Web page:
The Congressional Budget Office — long the target of much love and affection by liberals and mainstream media types — is now feeling their wrath. The CBO dared to publish data suggesting that ObamaCare will cost the US economy 2.5 million jobs by 2017.
*Is THAT all?*
The spin defending Kay Hagan and Barry Obama’s pet monster ranged from the sublime to the ridiculous. Let’s start with The Washington Post:
First, this is not about jobs. It’s about workers — and the choices they make.
The CBO’s estimate is mostly the result of an analysis of the impact of the law on the supply of labor. That means how many people choose to participate in the work force. In other words, the nonpartisan agency is examining whether the law increases or decreases incentives for people to work.
One big issue: the health insurance subsidies in the law. That’s a substantial benefit that decreases as people earn more money, so at a certain point, a person has to choose between earning more money or continuing to get the maximum help with health insurance payments. In other words, people might work longer and harder, but actually earn no more, or earn even less, money. That is a disincentive to work. (The same thing happens when people qualify for food stamps or other social services.)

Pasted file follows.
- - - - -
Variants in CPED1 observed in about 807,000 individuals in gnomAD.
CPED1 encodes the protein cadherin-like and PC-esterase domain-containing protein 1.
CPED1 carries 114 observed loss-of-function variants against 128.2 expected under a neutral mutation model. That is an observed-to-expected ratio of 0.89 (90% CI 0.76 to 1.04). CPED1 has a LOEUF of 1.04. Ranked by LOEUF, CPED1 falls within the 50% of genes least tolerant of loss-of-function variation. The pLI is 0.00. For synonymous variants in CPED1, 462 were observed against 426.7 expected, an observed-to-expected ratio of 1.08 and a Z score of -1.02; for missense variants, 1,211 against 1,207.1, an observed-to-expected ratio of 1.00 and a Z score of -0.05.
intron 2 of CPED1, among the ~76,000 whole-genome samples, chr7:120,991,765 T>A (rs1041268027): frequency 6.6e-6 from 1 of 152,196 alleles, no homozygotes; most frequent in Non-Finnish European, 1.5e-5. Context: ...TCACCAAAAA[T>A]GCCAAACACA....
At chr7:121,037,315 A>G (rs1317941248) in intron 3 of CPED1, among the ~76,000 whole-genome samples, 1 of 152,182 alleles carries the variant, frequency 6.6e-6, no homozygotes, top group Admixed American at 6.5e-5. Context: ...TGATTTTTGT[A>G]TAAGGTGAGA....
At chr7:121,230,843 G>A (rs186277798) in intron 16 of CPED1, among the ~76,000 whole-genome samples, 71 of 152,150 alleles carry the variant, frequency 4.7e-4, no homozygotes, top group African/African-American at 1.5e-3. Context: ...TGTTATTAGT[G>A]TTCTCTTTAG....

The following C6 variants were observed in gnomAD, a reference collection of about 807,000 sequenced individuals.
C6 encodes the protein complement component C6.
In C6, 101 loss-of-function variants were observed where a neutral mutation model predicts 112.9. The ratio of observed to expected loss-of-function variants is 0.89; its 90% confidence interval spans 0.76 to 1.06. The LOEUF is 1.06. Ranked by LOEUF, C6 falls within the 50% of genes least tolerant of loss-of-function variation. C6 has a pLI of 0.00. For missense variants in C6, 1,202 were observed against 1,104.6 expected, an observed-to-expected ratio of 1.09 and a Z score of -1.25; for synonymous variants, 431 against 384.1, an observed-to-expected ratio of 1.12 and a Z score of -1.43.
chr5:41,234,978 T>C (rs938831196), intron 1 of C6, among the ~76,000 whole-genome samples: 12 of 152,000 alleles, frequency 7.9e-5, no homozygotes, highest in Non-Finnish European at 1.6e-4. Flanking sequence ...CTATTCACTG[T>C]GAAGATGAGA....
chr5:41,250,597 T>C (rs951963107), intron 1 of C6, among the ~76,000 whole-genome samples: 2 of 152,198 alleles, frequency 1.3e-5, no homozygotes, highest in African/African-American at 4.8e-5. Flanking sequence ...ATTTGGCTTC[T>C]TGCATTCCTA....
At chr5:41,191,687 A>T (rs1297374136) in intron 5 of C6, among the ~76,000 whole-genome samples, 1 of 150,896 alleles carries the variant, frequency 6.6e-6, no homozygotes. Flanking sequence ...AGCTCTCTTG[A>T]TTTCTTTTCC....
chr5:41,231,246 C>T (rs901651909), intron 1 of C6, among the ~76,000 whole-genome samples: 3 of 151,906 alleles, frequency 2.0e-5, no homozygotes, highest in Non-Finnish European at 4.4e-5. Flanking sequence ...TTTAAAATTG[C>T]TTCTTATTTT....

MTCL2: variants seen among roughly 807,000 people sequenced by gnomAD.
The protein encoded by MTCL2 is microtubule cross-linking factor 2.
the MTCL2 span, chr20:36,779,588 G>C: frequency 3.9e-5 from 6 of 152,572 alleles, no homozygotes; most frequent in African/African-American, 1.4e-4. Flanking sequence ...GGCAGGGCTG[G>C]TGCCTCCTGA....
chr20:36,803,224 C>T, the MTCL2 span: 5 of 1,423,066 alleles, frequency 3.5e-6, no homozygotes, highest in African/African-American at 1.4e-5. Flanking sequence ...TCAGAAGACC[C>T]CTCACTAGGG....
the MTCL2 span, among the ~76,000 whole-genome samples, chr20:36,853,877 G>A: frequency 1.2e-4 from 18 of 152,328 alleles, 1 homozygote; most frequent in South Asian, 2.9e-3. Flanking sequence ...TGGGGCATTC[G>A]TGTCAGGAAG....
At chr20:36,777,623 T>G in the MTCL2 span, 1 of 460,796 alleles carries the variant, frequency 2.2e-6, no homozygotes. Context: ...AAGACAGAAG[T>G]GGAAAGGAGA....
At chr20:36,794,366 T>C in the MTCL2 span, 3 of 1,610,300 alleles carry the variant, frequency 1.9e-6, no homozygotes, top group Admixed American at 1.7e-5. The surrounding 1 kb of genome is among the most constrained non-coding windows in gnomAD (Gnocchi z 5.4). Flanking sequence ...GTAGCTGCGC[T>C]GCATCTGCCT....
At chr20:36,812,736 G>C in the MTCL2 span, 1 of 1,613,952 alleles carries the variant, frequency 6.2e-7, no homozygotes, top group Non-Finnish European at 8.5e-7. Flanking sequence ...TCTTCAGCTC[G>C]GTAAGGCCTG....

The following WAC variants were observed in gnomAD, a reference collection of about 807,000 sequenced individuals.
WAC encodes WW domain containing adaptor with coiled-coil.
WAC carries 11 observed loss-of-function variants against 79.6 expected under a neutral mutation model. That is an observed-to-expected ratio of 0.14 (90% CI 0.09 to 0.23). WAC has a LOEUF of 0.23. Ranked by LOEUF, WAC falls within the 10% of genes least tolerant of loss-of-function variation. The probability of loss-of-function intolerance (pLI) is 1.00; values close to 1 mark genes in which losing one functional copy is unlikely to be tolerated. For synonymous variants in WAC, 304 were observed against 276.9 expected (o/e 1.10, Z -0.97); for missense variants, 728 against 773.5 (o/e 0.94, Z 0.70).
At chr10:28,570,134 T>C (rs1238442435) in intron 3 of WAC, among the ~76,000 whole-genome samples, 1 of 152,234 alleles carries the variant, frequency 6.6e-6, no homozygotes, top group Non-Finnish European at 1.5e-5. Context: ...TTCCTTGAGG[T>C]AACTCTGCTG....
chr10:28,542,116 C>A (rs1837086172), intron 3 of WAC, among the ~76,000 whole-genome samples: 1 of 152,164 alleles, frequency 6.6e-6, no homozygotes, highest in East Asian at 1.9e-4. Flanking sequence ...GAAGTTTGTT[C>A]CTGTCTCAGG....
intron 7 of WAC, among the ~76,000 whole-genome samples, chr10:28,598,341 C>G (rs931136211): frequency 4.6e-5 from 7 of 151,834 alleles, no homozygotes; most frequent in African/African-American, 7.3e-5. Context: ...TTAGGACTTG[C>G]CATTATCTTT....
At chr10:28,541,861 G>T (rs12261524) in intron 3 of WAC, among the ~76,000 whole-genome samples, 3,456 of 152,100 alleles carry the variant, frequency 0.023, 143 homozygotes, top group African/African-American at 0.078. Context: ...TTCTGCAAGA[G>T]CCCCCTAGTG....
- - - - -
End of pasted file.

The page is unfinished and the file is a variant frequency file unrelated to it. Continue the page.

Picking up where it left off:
Thus, some people might decide to work part-time, not full time, in order to keep getting health-care subsidies. Thus, they are reducing their supply of labor to the market. Other people near retirement age might decide they no longer need to hold onto their job just because it provides health insurance, and they also leave the work force.
Look at this way: If someone says they decided to leave their job for personal reasons, most people would not say they “lost” their jobs. They simply decided not to work.
The CBO, in its sober fashion, virtually screams that this is not about jobs. (Note the sections in bold face.)
“The estimated reduction stems almost entirely from a net decline in the amount of labor that workers choose to supply, rather than from a net drop in businesses’ demand for labor, so it will appear almost entirely as a reduction in labor force participation and in hours worked relative to what would have occurred otherwise rather than as an increase in unemployment (that is, more workers seeking but not finding jobs) or underemployment (such as part-time workers who would prefer to work more hours per week).”